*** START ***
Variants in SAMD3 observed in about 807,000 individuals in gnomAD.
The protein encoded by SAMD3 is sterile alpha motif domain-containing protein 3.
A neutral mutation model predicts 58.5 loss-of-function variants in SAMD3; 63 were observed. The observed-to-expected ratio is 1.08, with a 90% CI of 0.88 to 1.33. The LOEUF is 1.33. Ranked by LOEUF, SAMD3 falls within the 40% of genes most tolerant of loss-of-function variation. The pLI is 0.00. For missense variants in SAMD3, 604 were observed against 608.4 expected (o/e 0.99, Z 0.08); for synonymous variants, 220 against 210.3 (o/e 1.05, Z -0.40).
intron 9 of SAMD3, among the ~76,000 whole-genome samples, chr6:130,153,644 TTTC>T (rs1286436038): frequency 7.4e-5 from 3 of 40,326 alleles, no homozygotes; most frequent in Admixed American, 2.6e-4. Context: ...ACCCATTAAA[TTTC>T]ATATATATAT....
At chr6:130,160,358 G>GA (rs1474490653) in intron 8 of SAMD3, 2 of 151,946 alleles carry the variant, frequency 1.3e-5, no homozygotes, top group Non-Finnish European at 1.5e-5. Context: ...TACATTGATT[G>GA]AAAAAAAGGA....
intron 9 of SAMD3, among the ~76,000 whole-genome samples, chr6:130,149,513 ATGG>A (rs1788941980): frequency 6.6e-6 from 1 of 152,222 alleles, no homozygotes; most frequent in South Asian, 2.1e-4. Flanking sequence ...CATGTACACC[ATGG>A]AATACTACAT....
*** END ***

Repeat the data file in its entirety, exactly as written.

Variants in SAMD3 observed in about 807,000 individuals in gnomAD.
The protein encoded by SAMD3 is sterile alpha motif domain-containing protein 3.
A neutral mutation model predicts 58.5 loss-of-function variants in SAMD3; 63 were observed. The observed-to-expected ratio is 1.08, with a 90% CI of 0.88 to 1.33. The LOEUF is 1.33. Ranked by LOEUF, SAMD3 falls within the 40% of genes most tolerant of loss-of-function variation. The pLI is 0.00. For missense variants in SAMD3, 604 were observed against 608.4 expected (o/e 0.99, Z 0.08); for synonymous variants, 220 against 210.3 (o/e 1.05, Z -0.40).
intron 9 of SAMD3, among the ~76,000 whole-genome samples, chr6:130,153,644 TTTC>T (rs1286436038): frequency 7.4e-5 from 3 of 40,326 alleles, no homozygotes; most frequent in Admixed American, 2.6e-4. Context: ...ACCCATTAAA[TTTC>T]ATATATATAT....
At chr6:130,160,358 G>GA (rs1474490653) in intron 8 of SAMD3, 2 of 151,946 alleles carry the variant, frequency 1.3e-5, no homozygotes, top group Non-Finnish European at 1.5e-5. Context: ...TACATTGATT[G>GA]AAAAAAAGGA....
intron 9 of SAMD3, among the ~76,000 whole-genome samples, chr6:130,149,513 ATGG>A (rs1788941980): frequency 6.6e-6 from 1 of 152,222 alleles, no homozygotes; most frequent in South Asian, 2.1e-4. Flanking sequence ...CATGTACACC[ATGG>A]AATACTACAT....